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Somali gunmen free Zimbabwean hostage

MOGADISHU (AFP) – Somali gunmen who last week abducted a Zimbabwean working for British charity Save the Children released him early Wednesday, the hostage told AFP.

"I am well and free... and travelling back to Adado," Frans Barnard said on telephone, referring to the town where he was seized Thursday along with his Somali fixer, who was freed unharmed the day after their capture.

Witnesses and colleagues said heavily-armed men in three vehicles burst into a guesthouse housing aid workers from several organisations in the Adado region on Thursday night. Security guards put up no resistance and no shots were exchanged.

Save the Children spokeswoman Anna Ford earlier said the charity had been assessing the possibility of establishing a relief programme for malnourished children and their families in the area.

Local elders involved in negotiations leading to Barnard's release said the kidnappers were paid 100,000 dollars.

"The hostage finally got his freedom around 5:00 am local time, he was freed after elders negotiated," Mohamed Abdulahi, an elder said.

"The gunmen asked for 150,000 dollars to free the hostage but they were only paid 100,000," one of the negotiators said, speaking on condition of anonymity.

The hostage was initially reported to have dual Zimbabwean-British nationality but this has not been confirmed. He was a security expert for the British aid organisation that was trying to set up a relief programme in Adado.

Nearly two decades of conflict has ruined the livelihoods of many Somalis, forcing them to camps for the displaced where they depend on humanitarian aid.

But several relief organisations have been forced out of the war-wracked country by the Al Qaeda-inspired Shebab insurgents who control large swathes of southern and central Somalia.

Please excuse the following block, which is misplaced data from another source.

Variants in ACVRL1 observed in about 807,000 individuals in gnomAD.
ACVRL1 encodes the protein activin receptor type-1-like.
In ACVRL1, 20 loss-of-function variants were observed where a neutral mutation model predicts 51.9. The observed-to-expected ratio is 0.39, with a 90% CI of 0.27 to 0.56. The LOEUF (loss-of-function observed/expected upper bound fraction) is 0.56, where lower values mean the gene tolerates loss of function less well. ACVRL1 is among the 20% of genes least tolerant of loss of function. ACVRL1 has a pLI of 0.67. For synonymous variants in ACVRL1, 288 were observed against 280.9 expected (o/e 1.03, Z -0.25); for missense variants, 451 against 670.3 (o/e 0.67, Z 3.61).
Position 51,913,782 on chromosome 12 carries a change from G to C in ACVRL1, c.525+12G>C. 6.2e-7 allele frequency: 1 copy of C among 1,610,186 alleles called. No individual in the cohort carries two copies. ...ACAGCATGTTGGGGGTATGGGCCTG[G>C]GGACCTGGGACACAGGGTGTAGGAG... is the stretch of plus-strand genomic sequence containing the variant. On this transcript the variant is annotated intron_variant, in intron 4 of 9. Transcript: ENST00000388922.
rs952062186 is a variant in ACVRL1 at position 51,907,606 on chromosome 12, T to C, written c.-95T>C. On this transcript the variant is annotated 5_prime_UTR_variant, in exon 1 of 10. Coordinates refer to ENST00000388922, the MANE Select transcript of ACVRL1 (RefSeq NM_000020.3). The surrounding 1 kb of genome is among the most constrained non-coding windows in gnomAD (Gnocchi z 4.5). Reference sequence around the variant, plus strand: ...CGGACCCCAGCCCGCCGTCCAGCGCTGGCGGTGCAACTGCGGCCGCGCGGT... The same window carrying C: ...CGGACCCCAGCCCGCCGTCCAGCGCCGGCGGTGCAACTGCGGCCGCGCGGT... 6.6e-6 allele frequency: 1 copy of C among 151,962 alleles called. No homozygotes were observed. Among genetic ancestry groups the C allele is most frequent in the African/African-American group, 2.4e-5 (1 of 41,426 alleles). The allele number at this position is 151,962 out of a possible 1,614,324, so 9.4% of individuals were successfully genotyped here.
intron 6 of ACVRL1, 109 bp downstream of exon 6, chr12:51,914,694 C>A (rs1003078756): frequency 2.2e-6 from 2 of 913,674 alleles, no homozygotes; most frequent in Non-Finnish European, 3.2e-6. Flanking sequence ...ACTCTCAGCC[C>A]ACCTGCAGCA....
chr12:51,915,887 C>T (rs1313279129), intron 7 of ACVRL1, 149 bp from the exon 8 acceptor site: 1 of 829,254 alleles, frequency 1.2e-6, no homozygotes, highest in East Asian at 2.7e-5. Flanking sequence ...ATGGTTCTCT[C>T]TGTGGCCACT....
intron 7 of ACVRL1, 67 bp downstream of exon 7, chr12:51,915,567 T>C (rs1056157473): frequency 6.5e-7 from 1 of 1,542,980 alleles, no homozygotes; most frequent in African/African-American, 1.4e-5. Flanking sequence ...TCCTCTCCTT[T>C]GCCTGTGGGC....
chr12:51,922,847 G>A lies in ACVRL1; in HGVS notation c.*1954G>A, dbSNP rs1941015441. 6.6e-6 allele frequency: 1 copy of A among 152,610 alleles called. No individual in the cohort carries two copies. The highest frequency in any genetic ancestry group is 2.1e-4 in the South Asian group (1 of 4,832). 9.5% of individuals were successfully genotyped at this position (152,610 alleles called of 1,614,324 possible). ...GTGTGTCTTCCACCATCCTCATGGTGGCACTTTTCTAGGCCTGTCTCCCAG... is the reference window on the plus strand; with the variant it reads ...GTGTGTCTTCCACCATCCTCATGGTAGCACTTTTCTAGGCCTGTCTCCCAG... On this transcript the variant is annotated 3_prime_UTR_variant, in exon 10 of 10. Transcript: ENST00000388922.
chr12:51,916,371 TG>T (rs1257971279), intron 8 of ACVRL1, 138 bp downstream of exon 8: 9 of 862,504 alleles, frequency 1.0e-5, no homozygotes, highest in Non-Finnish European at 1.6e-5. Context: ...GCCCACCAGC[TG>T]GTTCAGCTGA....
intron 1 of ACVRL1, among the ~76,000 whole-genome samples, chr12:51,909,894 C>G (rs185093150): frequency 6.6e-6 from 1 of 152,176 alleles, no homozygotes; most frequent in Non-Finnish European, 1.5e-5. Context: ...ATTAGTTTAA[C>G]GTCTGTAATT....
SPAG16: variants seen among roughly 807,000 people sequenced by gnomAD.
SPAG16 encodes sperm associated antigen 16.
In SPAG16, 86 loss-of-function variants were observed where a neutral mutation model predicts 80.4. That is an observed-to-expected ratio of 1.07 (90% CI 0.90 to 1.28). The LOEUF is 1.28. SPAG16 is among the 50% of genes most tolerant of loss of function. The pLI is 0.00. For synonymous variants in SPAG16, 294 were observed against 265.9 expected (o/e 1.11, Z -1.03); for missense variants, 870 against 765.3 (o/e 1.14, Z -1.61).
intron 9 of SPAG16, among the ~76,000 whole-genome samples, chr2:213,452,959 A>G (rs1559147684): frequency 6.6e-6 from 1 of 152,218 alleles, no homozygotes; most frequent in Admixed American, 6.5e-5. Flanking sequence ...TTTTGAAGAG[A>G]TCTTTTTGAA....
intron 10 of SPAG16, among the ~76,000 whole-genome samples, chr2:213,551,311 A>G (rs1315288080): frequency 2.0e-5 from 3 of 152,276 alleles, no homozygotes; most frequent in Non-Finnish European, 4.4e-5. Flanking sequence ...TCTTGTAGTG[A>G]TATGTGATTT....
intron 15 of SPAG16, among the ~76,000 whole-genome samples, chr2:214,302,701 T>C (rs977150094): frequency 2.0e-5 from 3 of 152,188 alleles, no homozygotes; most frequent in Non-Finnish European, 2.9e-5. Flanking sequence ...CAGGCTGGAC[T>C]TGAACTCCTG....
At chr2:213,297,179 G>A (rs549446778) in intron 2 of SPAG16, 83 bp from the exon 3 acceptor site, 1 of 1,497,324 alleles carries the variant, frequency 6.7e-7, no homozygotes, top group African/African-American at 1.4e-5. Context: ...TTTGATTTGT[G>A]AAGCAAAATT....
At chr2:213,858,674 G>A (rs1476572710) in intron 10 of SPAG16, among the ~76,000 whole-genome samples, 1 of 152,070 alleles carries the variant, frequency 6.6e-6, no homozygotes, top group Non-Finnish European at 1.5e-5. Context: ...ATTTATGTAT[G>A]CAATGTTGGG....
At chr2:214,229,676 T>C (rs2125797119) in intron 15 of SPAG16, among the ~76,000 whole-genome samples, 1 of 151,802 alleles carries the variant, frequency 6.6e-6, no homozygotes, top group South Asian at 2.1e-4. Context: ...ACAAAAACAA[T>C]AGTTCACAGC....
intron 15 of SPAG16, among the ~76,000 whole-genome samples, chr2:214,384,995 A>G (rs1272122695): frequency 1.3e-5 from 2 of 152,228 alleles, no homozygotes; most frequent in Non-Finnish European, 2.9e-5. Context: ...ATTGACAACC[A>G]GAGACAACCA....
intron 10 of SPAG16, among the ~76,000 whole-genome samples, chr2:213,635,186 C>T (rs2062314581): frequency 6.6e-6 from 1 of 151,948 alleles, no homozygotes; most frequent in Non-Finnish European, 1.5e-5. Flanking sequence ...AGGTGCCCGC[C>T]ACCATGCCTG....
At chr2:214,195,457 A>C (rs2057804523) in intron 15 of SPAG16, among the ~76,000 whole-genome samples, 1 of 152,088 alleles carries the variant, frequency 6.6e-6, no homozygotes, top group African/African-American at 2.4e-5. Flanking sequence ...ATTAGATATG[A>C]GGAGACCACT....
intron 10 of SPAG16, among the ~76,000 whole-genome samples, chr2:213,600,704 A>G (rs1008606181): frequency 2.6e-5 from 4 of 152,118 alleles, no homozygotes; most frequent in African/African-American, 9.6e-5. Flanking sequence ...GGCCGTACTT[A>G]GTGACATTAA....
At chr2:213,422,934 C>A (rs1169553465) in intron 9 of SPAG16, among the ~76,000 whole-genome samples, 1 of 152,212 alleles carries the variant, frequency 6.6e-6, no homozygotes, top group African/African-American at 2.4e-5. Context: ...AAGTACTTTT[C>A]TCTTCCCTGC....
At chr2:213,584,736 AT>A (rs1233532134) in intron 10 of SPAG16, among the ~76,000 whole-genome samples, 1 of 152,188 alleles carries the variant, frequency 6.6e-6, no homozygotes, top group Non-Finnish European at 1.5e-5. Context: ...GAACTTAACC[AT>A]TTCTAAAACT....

Gangs thriving on the lawlessness have often kidnapped foreign aid workers, resulting in many humanitarian groups pulling out foreign staff.

The region where the two were seized has been relatively calm, but borders an area controlled by Shebab Islamists to the south while Somali pirates operate to the east.

A British couple, Paul and Rachel Chandler, has been held hostage for almost a year in this part of Somalia after their yacht was captured in the Indian Ocean, off the Seychelles.

Somalia has not had a central authority since plunging into civil war in 1991 and has since been largely run by rival armed groups.

The Western-backed transitional government of President Sharif Sheikh Ahmed has been unable to exert nationwide authority and has been boxed into a few streets in the capital Mogadishu by relentless Shebab attacks.

The weak government's survival is dependent on a contingent of African Union troops that have stopped the Shebab's drive for a total take-over of Mogadishu.

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